Morning Briefs: Assault Weapon Ban Expansion | Tourism Recovery | Poll Probes Worker Status
4/20/21 11:40 AM
- Ban on Assault Weapon Manufacturing Pushed After Mass Shootings
- Admin Invests Millions to Attract Tourists
- Gig Worker Classification Debate Heats Up With New Poll
- Holiday Weekend Brought Vaccination Milestone for Mass.
Ban on Assault Weapon Manufacturing Pushed After Mass Shootings
[Story Developing] Massachusetts has banned the purchase of military-style assault weapons and high-capacity magazines within the state since 2004, but after firearms made in the Bay State have been used in multiple mass shootings elsewhere, a group of lawmakers now wants to prevent them from being built here as well. Several Democrats in the Legislature filed a bill Tuesday (HD 4192) that would prohibit Massachusetts companies such as Smith & Wesson, headquartered in Springfield, from manufacturing weapons and devices covered under the existing ban, exempting those that would be sold to law enforcement, the military or foreign governments. "If we no longer produce and manufacture military-style assault weapons here in Massachusetts and we impact the ability for private citizens to access these weapons, we know there will be fewer mass shootings," said Rep. Marjorie Decker, a Cambridge Democrat and one of the bill's authors. "We know less people will die." Supporters, including the Stop Handgun Violence organization, say three other states -- California, New York and New Jersey -- have a ban on the manufacturing of assault weapons. The legislation would not affect handguns, which are used in a significant majority of gun violence incidents, or any other weapons that are permitted for purchase in Massachusetts. Several lawmakers pushing for the bill describe the fact that companies can manufacture assault weapons in Massachusetts and sell them in other states as a "loophole" in the existing ban. They unveiled their proposal at a virtual press conference alongside parents whose children were killed in mass shootings using weapons built in Massachusetts. "These weapons are made in your state, but they cannot be sold in your state, so in effect, Massachusetts is exporting bloodshed to the rest of your country," said Sandy Phillips, whose daughter was killed in a 2012 mass shooting in Aurora, Colorado. - Chris Lisinski/SHNS
Admin Invests Millions to Attract Tourists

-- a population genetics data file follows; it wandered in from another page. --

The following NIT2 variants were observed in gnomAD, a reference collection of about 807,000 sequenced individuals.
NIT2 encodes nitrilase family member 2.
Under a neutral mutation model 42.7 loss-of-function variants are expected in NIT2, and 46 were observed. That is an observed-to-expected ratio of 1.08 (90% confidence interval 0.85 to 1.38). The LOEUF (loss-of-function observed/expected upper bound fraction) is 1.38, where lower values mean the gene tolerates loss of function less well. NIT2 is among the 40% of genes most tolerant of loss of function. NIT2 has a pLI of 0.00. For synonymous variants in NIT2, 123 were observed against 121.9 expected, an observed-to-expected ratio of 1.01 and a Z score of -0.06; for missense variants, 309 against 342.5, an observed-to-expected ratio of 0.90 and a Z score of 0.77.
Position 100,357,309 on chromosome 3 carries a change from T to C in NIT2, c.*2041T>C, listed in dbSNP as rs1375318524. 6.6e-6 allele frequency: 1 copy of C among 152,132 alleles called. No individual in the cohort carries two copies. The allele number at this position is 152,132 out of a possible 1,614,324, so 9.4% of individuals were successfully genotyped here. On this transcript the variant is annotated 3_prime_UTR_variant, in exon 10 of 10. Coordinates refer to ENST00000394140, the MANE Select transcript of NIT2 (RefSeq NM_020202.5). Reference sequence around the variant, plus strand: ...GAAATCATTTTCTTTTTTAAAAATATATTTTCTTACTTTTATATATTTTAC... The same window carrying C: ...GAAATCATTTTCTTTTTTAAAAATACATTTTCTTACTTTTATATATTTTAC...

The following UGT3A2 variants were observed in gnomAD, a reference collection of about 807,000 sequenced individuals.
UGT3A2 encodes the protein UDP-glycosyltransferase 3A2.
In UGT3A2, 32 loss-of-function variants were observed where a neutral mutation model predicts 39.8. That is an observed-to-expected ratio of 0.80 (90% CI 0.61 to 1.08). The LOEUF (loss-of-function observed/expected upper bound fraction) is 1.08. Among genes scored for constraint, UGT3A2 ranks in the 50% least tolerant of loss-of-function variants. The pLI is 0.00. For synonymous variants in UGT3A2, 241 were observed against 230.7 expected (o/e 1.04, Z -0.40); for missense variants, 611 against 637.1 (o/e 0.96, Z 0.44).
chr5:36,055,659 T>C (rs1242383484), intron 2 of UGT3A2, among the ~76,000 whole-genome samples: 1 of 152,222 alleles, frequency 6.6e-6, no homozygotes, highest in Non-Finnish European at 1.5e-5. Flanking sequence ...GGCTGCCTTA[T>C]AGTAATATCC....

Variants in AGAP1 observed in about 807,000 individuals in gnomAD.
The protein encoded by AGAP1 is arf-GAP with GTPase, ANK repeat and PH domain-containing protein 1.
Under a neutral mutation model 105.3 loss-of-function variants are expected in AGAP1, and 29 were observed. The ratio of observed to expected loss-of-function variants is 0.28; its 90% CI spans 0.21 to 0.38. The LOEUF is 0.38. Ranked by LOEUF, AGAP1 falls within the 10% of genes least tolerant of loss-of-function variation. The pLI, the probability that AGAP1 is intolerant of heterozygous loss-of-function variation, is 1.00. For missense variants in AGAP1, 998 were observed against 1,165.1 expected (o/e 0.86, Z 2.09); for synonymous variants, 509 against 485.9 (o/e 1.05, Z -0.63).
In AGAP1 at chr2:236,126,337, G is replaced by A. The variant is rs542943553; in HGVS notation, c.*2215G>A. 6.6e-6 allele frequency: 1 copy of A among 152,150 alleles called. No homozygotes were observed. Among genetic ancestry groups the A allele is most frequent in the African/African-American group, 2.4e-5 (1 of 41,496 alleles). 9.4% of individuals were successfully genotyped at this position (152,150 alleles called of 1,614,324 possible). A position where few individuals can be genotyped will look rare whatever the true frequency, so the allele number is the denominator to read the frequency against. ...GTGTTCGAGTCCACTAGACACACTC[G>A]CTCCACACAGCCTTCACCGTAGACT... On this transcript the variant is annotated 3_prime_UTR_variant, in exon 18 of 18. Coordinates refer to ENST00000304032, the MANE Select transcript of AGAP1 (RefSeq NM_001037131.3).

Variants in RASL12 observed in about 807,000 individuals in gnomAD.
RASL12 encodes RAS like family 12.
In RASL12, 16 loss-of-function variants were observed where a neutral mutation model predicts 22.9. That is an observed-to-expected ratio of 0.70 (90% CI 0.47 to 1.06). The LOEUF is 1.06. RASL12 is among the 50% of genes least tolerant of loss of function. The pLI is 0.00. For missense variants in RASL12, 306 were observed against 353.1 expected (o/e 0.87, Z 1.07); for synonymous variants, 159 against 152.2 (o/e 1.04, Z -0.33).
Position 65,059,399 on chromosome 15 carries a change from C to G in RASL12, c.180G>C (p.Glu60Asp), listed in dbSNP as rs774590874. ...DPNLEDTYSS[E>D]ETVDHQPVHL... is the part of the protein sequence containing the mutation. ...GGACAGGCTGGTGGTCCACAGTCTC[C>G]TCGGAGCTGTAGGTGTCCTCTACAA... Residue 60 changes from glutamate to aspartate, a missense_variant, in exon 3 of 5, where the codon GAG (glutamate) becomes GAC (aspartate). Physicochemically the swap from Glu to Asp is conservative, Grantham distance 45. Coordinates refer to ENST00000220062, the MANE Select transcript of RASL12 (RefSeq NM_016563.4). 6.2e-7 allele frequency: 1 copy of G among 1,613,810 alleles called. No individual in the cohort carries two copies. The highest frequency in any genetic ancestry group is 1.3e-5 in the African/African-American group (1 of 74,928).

With more and more people becoming vaccinated against COVID-19 and the summer travel season looking like a more realistic possibility, the Baker administration awarded $1.6 million in local tourism grants Tuesday and rolled out a new $2 million grant program that will look for "shovel-ready" projects to enhance tourist destinations across the state. "We want to make sure that what we have to offer continues to be there and we want to support it and grow it and nurture it," Lt. Gov. Karyn Polito said during an online announcement event. The $1.6 million in Travel and Tourism Recovery awards went to 59 businesses and tourism associations around Massachusetts, including places like the Boston Museum of Science. Housing and Economic Development Secretary Michael Kennealy also said the administration was launching the $2 million Destination Development Capital Program, which was part of the economic development borrowing bill that passed the Legislature in early January. Both Kennealy and Polito said the new program would supplement the "My Local MA" program created last summer to encourage Massachusetts residents to support local businesses that were trying to rebuild after being shut down early in the pandemic. "This is a way to compliment the marketing dollars we spend every year with capital dollars to help develop our tourism assets around the state," Kennealy said. "We are going to look for shovel-ready projects. We're going to look for projects that will enhance tourism recovery, that will support the My Local campaign and will have the potential long-term to increase visitation from folks outside of Massachusetts." Tourism industry leaders have been calling for the state to dedicate additional resources to marketing and promotion to help Massachusetts businesses and destination communities compete for regional tourists as people start to venture away from home. Kennealy said the state spends about $10 million on tourism marketing each year and "will continue to do that" in addition to these new grant programs. The House Ways and Means budget that will be debated next week included a $5 million boost in funding for "local tourism recovery marketing," according to House leaders. - Matt Murphy/SHNS